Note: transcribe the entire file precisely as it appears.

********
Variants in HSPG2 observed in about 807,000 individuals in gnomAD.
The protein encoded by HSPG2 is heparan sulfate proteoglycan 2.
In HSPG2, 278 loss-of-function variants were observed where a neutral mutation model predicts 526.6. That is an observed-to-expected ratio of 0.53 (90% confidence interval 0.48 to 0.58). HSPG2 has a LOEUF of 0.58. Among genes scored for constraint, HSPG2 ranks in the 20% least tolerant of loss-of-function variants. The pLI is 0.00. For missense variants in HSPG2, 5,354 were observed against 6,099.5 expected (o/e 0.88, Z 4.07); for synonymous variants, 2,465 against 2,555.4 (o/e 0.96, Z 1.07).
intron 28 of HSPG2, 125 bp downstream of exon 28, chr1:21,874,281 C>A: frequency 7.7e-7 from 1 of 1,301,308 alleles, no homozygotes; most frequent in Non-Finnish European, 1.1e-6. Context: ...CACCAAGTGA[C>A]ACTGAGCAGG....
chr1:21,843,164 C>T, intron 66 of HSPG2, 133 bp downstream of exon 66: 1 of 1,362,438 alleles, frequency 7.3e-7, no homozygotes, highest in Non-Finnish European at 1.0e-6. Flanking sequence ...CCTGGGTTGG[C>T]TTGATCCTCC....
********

Variants in HSPG2 observed in about 807,000 individuals in gnomAD.
The protein encoded by HSPG2 is heparan sulfate proteoglycan 2.
In HSPG2, 278 loss-of-function variants were observed where a neutral mutation model predicts 526.6. That is an observed-to-expected ratio of 0.53 (90% confidence interval 0.48 to 0.58). HSPG2 has a LOEUF of 0.58. Among genes scored for constraint, HSPG2 ranks in the 20% least tolerant of loss-of-function variants. The pLI is 0.00. For missense variants in HSPG2, 5,354 were observed against 6,099.5 expected (o/e 0.88, Z 4.07); for synonymous variants, 2,465 against 2,555.4 (o/e 0.96, Z 1.07).
intron 28 of HSPG2, 125 bp downstream of exon 28, chr1:21,874,281 C>A: frequency 7.7e-7 from 1 of 1,301,308 alleles, no homozygotes; most frequent in Non-Finnish European, 1.1e-6. Context: ...CACCAAGTGA[C>A]ACTGAGCAGG....
chr1:21,843,164 C>T, intron 66 of HSPG2, 133 bp downstream of exon 66: 1 of 1,362,438 alleles, frequency 7.3e-7, no homozygotes, highest in Non-Finnish European at 1.0e-6. Flanking sequence ...CCTGGGTTGG[C>T]TTGATCCTCC....